First find an accomplished pilot and a seasoned instructor who is committed to safety
and has a great safety record. This pilots mindset will transfer to your flying style and
it is crucial to your safety to find top quality instruction.
The best way to get started is to do a tandem flight with your instructor. Here you
are going to experience flight with an advanced pilot and not be overwhelmed.
Each person will have their own harness that is connected by a spreader bar.
The instructor will sit behind giving you the best view of your surroundings.
The first thing you will learn on your solo lesson is how to preflight the glider and
connect it together.
A partial inflation of the wing creates a “wall” that allows the pilot to make
sure all the lines are clear of twists and tangles.
The perfect wall allows the glider to come overhead symmetrically during the inflation, so little
steering control is required. All that is required is to lean back and pull on the first set of risers called the “A Risers.”
Once the glider is overhead it is time to learn to “kite” the glider. This in essence is flying
while still on the ground. As the wind shifts, control inputs are needed by adding “brake” or
moving your body around to stay centered under the center cell of the wing. This skill takes
time to develop but is one of the most important steps in learning to paraglide. A pilot’s ability
to kite in a variety of wind conditions directly translates to his ability to fly the glider smoothly
through turbulence during thermic flight.
The next step is to do a number of low level flights, where the glider is inflated overhead
and then the pilot runs down a gentle slope working on steering the glider directly into the wind.
The pilot may get a few feet off the ground and start to practice flaring the brakes for a soft
landing directly into the wind. This is repeated several times to experience a number of landings
and ensure good directional control by the pilot.
It’s time to sit in a simulator and practice getting into the harness smoothly and work on turns
using weight shift and a small amount of brake input. To practice the landing procedure the student will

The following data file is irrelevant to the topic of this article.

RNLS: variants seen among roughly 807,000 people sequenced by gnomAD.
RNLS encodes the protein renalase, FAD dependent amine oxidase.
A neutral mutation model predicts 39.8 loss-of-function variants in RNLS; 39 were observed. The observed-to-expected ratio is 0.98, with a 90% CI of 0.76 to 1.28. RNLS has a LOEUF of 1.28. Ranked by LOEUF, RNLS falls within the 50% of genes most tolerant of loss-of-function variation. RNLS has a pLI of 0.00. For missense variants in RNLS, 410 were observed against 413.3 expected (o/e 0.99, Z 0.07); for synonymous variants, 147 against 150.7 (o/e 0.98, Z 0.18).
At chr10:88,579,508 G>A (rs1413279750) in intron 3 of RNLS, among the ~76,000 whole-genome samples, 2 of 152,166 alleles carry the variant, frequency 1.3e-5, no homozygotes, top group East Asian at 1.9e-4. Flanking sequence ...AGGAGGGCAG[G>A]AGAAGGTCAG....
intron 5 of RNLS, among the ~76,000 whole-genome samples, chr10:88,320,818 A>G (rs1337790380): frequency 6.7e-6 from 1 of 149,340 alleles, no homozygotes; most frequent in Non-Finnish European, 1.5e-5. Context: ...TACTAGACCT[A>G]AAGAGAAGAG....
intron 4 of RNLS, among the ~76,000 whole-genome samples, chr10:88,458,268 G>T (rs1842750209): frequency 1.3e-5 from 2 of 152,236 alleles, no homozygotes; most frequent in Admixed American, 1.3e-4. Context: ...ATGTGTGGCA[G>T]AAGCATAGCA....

lean forward in the harness and pull the brakes down to the legs to simulate slowing the glider down.
Moderate level flight is achieved off a 200-400 foot hill. This is the first time the student will get comfortably
back into the harness and make a couple of turns before landing directly into the wind with a long straight approach.
A few exercises will be practiced including “Big Ears.” This is a technique used to make the glider smaller
and thus sink faster. It would be used if you wanted to come down in rising air. It increases your sink rate
from 200 feet per minute to 400 feet per minute. To regain the full wing,
all that is required is to let go of the risers that you pulled to cause the symmetric collapses.
Another exercise will be to use the “speed bar.” A foot bar is attached by lines to your A risers which
are the front risers. By pushing the bar with your feet you can change the angle of attack of your glider
and increase your speed while also increasing your sink rate. Depending on how much you push and
your glider’s design, you can increase your speed by 8 mph.
A solo mountain flight is required to earn your rating. You will receive a glide path briefing as
well as a better understanding of how the air might be moving over the mountain. The mountains
in Santa Barbara are 3,000 feet over the ocean. You can expect a 15 minute flight if you don’t
encounter rising or sinking air.
8 hours of ground school is required to earn your pilot rating. Subjects would include weather,
hazards to avoid, wing collapse recovery, reserve parachute deployment, FAA regulations, and local
site protocols. A minimum of 25 flights, 5 spot landings, skills testing, and a written test are required to earn
your P2 rating. You can expect 8-12 lessons or more and spend $1200 - $1800 to earn your P2 pilot rating.
© Circling Hawk Paragliding • Santa Barbara, California • Bo Criss • 805-403-5848 • Bo@CirclingHawk.com